Lauren does a cool thing, because she is cool.  She writes a first draft by hand and throws it out.  Then she writes another draft and throws that one out.  Then she writes a third draft on the computer and the story begins to take it's current form.  How I wish I had that kind of patience!  I'm still in pop fiction grad school mode, where I write a novel in six months, spend another three polishing it and then spend another six months getting rejected by every agent and unsolicited manuscript accepting publishing house in NYC.  This has happened twice, each time with some astoundingly nasty rejection letters.

I've got a novel now that I'm working on.  It's a longer version of a short story I wrote that has yet to be picked up, about an ex-con who promises his brother that he'll look after his wife and her two kids when he's released on parole, but after he arrives, it's clear she doesn't want him there and the two of them have to find a way to work into each other's lives.  It's a sad, beautiful story about family and love and grace that Matthew admits just about made him weep.  When I'm done with a story, the characters sort of vanish, their stories told but I couldn't get these characters off my mind, so I started turning it into a novel.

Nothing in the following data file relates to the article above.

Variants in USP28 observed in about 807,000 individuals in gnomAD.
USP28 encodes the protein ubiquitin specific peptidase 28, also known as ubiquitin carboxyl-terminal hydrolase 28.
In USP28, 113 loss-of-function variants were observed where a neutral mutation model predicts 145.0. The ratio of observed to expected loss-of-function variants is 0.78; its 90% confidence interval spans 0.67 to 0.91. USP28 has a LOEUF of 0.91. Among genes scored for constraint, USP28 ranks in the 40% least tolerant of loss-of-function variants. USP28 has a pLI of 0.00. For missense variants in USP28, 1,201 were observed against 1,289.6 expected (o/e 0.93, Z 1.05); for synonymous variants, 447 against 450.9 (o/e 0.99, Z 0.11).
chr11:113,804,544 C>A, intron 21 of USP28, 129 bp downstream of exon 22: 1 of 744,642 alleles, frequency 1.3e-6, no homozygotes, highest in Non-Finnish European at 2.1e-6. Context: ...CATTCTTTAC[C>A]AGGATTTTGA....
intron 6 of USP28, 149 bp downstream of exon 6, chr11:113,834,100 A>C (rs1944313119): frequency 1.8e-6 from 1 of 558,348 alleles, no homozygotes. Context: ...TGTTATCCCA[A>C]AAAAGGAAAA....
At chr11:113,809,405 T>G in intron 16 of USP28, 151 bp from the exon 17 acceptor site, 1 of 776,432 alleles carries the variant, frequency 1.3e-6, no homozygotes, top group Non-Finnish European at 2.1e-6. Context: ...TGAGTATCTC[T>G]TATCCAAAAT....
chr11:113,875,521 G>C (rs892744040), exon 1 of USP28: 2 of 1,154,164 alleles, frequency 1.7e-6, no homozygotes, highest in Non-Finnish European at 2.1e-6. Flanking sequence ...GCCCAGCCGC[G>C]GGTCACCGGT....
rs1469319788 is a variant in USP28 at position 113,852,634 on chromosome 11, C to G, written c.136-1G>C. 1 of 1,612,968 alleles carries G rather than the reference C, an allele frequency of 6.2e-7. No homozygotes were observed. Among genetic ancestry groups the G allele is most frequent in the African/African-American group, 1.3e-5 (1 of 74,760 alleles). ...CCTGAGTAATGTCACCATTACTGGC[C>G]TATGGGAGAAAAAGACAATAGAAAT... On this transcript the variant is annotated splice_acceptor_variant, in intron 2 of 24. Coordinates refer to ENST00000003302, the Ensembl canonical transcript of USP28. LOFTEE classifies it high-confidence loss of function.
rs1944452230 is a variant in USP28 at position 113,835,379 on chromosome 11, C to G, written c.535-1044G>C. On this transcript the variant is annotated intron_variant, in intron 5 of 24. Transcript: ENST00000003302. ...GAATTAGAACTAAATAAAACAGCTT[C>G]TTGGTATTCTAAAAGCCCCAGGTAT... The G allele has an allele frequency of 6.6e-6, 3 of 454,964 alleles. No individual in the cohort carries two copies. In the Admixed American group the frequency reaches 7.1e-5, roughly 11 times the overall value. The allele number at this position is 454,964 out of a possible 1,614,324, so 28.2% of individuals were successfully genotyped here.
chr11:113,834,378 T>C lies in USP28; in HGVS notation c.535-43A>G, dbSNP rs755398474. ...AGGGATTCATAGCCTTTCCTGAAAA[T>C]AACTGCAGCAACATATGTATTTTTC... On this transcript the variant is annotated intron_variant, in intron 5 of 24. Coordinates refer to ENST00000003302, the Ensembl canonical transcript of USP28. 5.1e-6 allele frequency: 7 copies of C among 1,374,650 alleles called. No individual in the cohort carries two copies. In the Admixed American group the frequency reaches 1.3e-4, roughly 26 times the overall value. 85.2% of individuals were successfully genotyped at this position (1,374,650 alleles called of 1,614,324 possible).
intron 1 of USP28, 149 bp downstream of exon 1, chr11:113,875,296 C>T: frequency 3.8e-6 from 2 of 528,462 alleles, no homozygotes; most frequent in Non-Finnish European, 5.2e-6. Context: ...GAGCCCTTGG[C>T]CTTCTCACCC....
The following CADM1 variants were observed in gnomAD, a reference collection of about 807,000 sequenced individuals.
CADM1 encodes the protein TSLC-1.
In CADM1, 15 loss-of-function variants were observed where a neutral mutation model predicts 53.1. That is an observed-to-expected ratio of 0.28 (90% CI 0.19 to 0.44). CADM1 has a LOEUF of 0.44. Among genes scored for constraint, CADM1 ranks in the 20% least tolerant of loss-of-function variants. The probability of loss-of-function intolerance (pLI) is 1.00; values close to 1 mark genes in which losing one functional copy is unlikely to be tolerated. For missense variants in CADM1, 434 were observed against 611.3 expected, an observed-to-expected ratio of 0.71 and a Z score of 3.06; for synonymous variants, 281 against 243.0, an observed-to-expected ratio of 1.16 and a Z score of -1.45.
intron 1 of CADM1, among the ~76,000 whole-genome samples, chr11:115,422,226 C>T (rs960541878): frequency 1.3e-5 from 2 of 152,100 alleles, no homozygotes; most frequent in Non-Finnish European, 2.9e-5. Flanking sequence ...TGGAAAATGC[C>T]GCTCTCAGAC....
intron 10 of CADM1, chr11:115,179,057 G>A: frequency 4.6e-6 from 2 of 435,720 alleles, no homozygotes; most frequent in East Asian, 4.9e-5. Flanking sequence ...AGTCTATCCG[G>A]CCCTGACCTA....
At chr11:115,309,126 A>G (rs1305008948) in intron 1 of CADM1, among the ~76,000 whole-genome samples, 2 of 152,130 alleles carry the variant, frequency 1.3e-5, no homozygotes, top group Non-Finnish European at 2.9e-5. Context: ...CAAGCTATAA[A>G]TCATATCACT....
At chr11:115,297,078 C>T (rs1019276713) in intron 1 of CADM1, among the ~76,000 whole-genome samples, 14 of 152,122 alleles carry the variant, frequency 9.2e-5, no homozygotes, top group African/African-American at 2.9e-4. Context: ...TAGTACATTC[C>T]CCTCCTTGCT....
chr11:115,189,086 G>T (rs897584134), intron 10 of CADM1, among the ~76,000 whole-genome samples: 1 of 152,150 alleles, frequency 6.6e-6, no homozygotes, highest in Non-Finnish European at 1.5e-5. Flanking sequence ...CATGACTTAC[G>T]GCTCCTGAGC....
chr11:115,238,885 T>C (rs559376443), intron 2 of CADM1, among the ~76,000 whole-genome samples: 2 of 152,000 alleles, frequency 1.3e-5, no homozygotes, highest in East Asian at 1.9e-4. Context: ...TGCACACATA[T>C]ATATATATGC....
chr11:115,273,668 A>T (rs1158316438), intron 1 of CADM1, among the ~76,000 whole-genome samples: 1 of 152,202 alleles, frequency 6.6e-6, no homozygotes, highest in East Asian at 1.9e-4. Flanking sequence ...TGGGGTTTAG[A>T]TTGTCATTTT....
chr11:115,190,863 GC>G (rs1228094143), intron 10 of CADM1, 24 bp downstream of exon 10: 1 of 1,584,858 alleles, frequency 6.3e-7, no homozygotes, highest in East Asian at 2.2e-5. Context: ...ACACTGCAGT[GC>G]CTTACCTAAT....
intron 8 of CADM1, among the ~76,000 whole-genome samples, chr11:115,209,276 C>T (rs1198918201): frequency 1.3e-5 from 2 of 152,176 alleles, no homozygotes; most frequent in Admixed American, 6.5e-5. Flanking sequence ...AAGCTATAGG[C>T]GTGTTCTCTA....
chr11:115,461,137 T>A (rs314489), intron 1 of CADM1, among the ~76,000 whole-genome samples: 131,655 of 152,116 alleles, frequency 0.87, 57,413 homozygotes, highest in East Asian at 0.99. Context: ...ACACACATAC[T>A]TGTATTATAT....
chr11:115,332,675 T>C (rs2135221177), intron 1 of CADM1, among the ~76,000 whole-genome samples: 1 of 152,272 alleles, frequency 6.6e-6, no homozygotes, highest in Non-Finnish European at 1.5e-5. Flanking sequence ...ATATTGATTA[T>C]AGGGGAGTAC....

And it keeps coming.  I wrote half a draft and realized that it was just a series of scenes and that would never work.  So I started again, and characters came and went, locations changed, POVs shifted.

Clearly, this was going to take more than six months.

And this terrifies me.

The failed dance/karate/piano lessons can be chalked up to youthful exuberance, but my 20's have been fraught with poverty.  If I hit my snooze button, I missed my bus to work.  If I didn't get to the reception early, the food was all gone when I got there.  I had deadlines to meet, multiple jobs to juggle.  Patience was for people whose lives didn't depend on bus schedules and free spinach triangles.  My life was carefully organized and stacked, and in the world I knew, taking time to write a book was a luxury afforded to beautiful people with grant money and tenure.  I wrote partially because I loved it and partially because I saw it as the only way I knew how to bust myself out of low-wage jobs and crippling poverty.  If I could sell a story to Glimmer Train, that would pay my rent and phone for a month.  A book deal would pay off my student loans.  Heck, even a $25 sale to an internet magazine could pay for two weeks of halfway-decent groceries.